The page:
In March 1971, New York City faced a growing heroin epidemic. That year, Charles Rangel — then just 41 years old — was part of a delegation of newly-elected black congressman who won a closed-door meeting at the White House with President Richard Nixon.
It was a historic moment. Nixon had already begun the process of criminalizing drugs in new ways, ramping up the federal effort to crack down on dealers and addicts. Over the decades that followed, those policies would send millions of young black men to prison. Some African American leaders were already voicing doubts and concerns.
But during the meeting, Rangel didn’t urge Nixon to rethink his drug war strategy. Instead, the Harlem Democrat urged Nixon to ramp up drug-fighting efforts more aggressively, more rapidly.
“We could bring a halt to this condition which is killin off American youth,” Rangel told Nixon.
In their encounter, secretly taped by Nixon’s White House recording system and broadcast here for the first time, Rangel called on Nixon to use America’s military and diplomatic power to stop the importation of drugs.
He urged the the president to view the spread of heroin and cocaine as a “national crisis” and warned that if Nixon didn’t act fast, more Americans would demand that narcotics be legalized.
“It seems to me that more white America is saying, let’s legalize drugs because we can’t deal with the problem,” Rangel cautioned.
Just three months later, Nixon formally launched his national war on drugs, echoing much of the language Rangel used that day at the White House. “Public enemy number one in the United States is drug abuse. In order to fight and defeat this enemy, it is necessary to wage a new, all-out offensive,” he said.
Rangel would later write warmly of his partnership with Nixon on drug war issues. “Nixon was tough on drugs,” he recalled in his 2007 memoir. “[We] worked closely together on what was the beginning of our international war on drugs.”
In the decade that that followed, Rangel himself emerged as one of the black community's toughest and most persistent voices on drug issues, pushing for more money and manpower for the police, and for more military drug interdiction overseas.
He lobbied for the creation of a special House subcommittee on narcotics and then served as its chairman, using the post to support creation of the Drug Enforcement Agency and a national Drug Czar.
Under his leadership, many members of the Congressional Black Caucus voted in favor of some of the most punitive drug-war era legislation, expanding mandatory minimum sentences, funding more prisons and boosting penalties for crack cocaine.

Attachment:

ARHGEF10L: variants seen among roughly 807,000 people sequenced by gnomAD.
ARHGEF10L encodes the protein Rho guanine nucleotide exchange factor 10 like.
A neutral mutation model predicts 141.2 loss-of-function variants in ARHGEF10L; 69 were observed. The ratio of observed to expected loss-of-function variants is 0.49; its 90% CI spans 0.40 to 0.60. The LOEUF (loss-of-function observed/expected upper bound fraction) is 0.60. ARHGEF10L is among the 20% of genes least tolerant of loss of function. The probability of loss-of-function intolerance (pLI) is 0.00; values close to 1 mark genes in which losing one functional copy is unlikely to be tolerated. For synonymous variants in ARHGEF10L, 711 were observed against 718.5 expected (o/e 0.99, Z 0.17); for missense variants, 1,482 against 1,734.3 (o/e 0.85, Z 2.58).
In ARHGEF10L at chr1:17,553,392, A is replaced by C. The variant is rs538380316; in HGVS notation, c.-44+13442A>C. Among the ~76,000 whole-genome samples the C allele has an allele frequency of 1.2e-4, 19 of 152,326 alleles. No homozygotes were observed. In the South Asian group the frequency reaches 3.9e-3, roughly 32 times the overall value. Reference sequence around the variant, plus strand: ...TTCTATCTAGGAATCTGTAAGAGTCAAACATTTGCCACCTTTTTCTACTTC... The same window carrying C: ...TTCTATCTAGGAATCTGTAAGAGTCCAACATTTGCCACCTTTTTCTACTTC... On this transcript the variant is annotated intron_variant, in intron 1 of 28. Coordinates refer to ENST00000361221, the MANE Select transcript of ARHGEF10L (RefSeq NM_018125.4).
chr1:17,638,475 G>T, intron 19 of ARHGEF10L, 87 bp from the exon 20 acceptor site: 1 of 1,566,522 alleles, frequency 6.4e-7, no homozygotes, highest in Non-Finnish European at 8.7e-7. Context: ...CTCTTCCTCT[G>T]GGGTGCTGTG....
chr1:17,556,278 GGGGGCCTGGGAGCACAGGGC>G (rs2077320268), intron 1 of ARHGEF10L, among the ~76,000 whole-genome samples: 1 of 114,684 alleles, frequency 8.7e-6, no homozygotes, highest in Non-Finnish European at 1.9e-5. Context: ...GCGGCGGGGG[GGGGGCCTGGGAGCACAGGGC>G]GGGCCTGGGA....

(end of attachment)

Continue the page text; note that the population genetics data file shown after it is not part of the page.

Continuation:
In a profile in Ebony magazine in 1989, Rangel bragged about pressuring Nixon and President Ronald Reagan to get even tougher on drugs, blasting them for what he called a “lackadaisical attitude.”
Even as questions and doubts about the drug war grew, Rangel wrote editorials mocking the idea of drug decriminalization and describing narcotics as a "genocidal" poison.
In the early '90s, Rangel appeared in a televised debate with William F. Buckley Jr. Buckley, a prominent white conservative, had concluded that the drug war was a costly, violent and racially divisive mistake.
But again and again, Rangel pushed back. “In order to fight the drug war, we need all of these factors working together,” he insisted, praising police effort, as well as overseas drug interdiction. “We should not allow people to be able to distribute this poison without fear that they might be arrested and put in jail,” he said.
“Would you describe what kind of fear you have in mind that isn't already there by, for instance, Nelson Rockefeller's suggestion of life in prison?” Buckley asked.
During the debate, Rangel called for the appointment of a more effective Federal drug czar, suggesting that Army General Colin Powell take over leadership of the drug war.
Rangel's views of the drug war did slowly evolve. In the 2000s, he began sponsoring legislation to ease sentencing disparities between crack and powder cocaine. Rangel published editorials acknowledging that tough crime laws — which he called "well intentioned" — were hurting many African American families.
But with nearly a million African Americans behind bars and one out of every 10 young black men tangled up in the criminal justice system, Rangel sometimes seemed out of touch. “I don't remember the last time anyone was arrested in the city of New York for marijuana,” Rangel said during a 2009 congressional hearing in Washington. “I mean smoking marijuana on the streets of Manhattan, the copy may say 'Don't do it on my beat,' but nobody's getting arrested," he said.
In fact, tens of thousands of people, many of them black and Hispanic, are arrested every year for marijuana possession in New York City.
In 2011, however, Rangel did co-sponsor federal legislation that would decriminalize marijuana. That bill failed to pass.
In recent years, many black leaders and organizations, including the NAACP and the Congressional Black Caucus, have called for an end to the drug war that Rangel helped wage. Eric Holder, the nation's first black Attorney General, has said that those policies "decimated" some black and Hispanic communities.
But speaking with WNYC, Rangel, now 83 years old, stuck by his long support for the drug fight. He said it's important to remember that the heroin and cocaine epidemics were a horror for families in his Harlem district.
“People were absolutely in panic that the drug dealers had taken over the street,” Rangel recalled. “Break-ins and burglaries were prevalent and there was an all-time high in fear of how far this would go.”
In his memoir published in 2007, Rangel maintained that America's 40-year drug war did help clean up many black neighborhoods, arguing that "a lot of the drug-related bleeding was staunched."